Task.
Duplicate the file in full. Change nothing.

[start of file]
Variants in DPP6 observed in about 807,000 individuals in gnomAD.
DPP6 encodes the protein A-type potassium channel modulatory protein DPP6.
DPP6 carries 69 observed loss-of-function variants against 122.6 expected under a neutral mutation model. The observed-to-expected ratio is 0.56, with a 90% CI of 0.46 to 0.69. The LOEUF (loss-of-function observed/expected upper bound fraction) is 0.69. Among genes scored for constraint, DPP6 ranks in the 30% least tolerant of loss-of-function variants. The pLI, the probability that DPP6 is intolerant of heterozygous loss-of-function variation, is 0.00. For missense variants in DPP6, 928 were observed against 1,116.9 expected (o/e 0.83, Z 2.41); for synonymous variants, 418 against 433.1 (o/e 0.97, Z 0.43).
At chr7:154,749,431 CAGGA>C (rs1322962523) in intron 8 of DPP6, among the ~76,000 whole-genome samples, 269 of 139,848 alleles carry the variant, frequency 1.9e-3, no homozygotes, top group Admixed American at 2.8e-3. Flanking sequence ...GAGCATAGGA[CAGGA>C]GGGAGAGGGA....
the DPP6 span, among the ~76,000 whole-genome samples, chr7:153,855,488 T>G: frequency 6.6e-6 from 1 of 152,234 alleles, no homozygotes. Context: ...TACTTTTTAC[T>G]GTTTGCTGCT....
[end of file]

Variants in DPP6 observed in about 807,000 individuals in gnomAD.
DPP6 encodes the protein A-type potassium channel modulatory protein DPP6.
DPP6 carries 69 observed loss-of-function variants against 122.6 expected under a neutral mutation model. The observed-to-expected ratio is 0.56, with a 90% CI of 0.46 to 0.69. The LOEUF (loss-of-function observed/expected upper bound fraction) is 0.69. Among genes scored for constraint, DPP6 ranks in the 30% least tolerant of loss-of-function variants. The pLI, the probability that DPP6 is intolerant of heterozygous loss-of-function variation, is 0.00. For missense variants in DPP6, 928 were observed against 1,116.9 expected (o/e 0.83, Z 2.41); for synonymous variants, 418 against 433.1 (o/e 0.97, Z 0.43).
At chr7:154,749,431 CAGGA>C (rs1322962523) in intron 8 of DPP6, among the ~76,000 whole-genome samples, 269 of 139,848 alleles carry the variant, frequency 1.9e-3, no homozygotes, top group Admixed American at 2.8e-3. Flanking sequence ...GAGCATAGGA[CAGGA>C]GGGAGAGGGA....
the DPP6 span, among the ~76,000 whole-genome samples, chr7:153,855,488 T>G: frequency 6.6e-6 from 1 of 152,234 alleles, no homozygotes. Context: ...TACTTTTTAC[T>G]GTTTGCTGCT....